One could say that SCT is a theological strategy. The vision of SCT is a dialogue between Christians and non-Christians founded in the fact that all humans have common conditions. The context is a growing secularity and wish of restarting a broad dialogue between church, theology and society.

The theological concern of SCT then, is the shared conditions of human life. We are all born, and we will all die. We all need food for nourishment and the company of others. Parents care for their children, and all children continue to play. Likewise, teenagers and grown-ups alike continue to long for recognition and prefer to be welcomed rather than to be expelled. Human beings of whatever religious or non-religious orientation–know about the pain of being ashamed and being found guilty, even if cultural codes differ. Likewise all grown-ups know the social infighting for power, influence, and status, regardless of what counts as status. We are all embodied persons, even if our bodies look different. We always live together with other persons, who appeal to us for help, and from whom we ourselves seek help. And we all live under the same biosphere and enjoy the sun, clouds, rain and wind.

The founding fathers and their perspectives

We often talk about three systematic theologians as the founding fathers of SCT: K.E. Løgstrup (1905-1981); Regin Prenter (1907-1990) and Gutaf Wingren (1910 – 2000). Lets have a look into the toolboxes of the founding fathers. What did they think? What were their perspectives? K.E. Løgstrup

Let me begin with K.E. Løgstrup whose tone is more secular then Prenter and Wingren. The following quotation sets the tone, when he concludes that eternity is incarnated in our lives:

“Eternity is incarnated in the demand it imposes upon us through the interpersonal situation and in the sovereign expressions of life that correspond to it. Eternity incarnates itself not, in the first instance, in Jesus of Nazareth, but is already so in creation and the universality of the demand” (Løgstrup [1967] 2007, 71).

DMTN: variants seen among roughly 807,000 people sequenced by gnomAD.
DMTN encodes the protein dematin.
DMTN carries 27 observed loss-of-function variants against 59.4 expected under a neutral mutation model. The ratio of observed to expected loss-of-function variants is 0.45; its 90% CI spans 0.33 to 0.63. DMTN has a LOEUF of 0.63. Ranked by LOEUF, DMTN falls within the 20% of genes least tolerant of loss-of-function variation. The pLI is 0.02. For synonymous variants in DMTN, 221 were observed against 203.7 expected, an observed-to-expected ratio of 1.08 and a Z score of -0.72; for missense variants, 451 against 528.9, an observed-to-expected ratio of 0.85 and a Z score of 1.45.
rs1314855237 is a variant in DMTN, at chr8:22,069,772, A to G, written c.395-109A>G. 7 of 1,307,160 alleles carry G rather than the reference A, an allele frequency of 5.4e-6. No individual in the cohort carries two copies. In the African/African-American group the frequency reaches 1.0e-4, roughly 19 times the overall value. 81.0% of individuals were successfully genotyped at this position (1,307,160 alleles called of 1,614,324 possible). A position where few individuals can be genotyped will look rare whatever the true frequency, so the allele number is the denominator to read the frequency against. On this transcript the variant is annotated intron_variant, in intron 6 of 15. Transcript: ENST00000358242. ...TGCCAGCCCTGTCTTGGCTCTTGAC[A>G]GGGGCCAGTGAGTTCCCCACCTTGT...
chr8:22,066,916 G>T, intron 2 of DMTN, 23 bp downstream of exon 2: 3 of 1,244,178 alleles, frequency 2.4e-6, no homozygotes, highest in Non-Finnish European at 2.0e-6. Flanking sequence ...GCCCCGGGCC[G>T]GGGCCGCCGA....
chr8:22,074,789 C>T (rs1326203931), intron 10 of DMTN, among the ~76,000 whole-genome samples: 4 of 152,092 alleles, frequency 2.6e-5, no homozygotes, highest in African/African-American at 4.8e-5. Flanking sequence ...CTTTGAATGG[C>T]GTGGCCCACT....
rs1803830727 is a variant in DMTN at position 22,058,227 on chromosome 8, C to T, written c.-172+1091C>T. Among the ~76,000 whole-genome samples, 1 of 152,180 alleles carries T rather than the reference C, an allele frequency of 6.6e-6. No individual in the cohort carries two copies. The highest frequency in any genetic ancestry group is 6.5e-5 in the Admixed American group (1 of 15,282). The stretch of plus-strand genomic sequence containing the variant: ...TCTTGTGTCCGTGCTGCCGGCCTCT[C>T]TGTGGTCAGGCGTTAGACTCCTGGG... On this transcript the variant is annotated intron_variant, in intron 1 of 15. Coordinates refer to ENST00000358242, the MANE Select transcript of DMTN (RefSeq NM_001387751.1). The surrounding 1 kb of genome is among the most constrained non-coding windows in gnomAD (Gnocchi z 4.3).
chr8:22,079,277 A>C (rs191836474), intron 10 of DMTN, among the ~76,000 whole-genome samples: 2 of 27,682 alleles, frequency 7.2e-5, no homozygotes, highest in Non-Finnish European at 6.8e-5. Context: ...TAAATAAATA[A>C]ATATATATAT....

“In its basic sense, trust is essential to every conversation. In conversation as such we deliver ourselves over into the hands of another. This is evident in the fact that in the very act of addressing a person we make a certain demand of him.” ”Trust is not of our own making; it is given. Our life is so constituted that it cannot be lived except as one person lays him or herself open to another person and puts her or himself into that person’s hands either by showing or claiming trust.”

Løgstrup talks about the sovereign expression—trust, openness of speech despite selfishness.

Let me resume his perspective in four bullets from the book, The Ethical Demand.

The ethical demand is “radical,” insofar as it is based in the elementary root (radix) of human interdependence, and insofar as it demands that we help the other person wholeheartedly and unconditionally, without any ulterior selfish motives.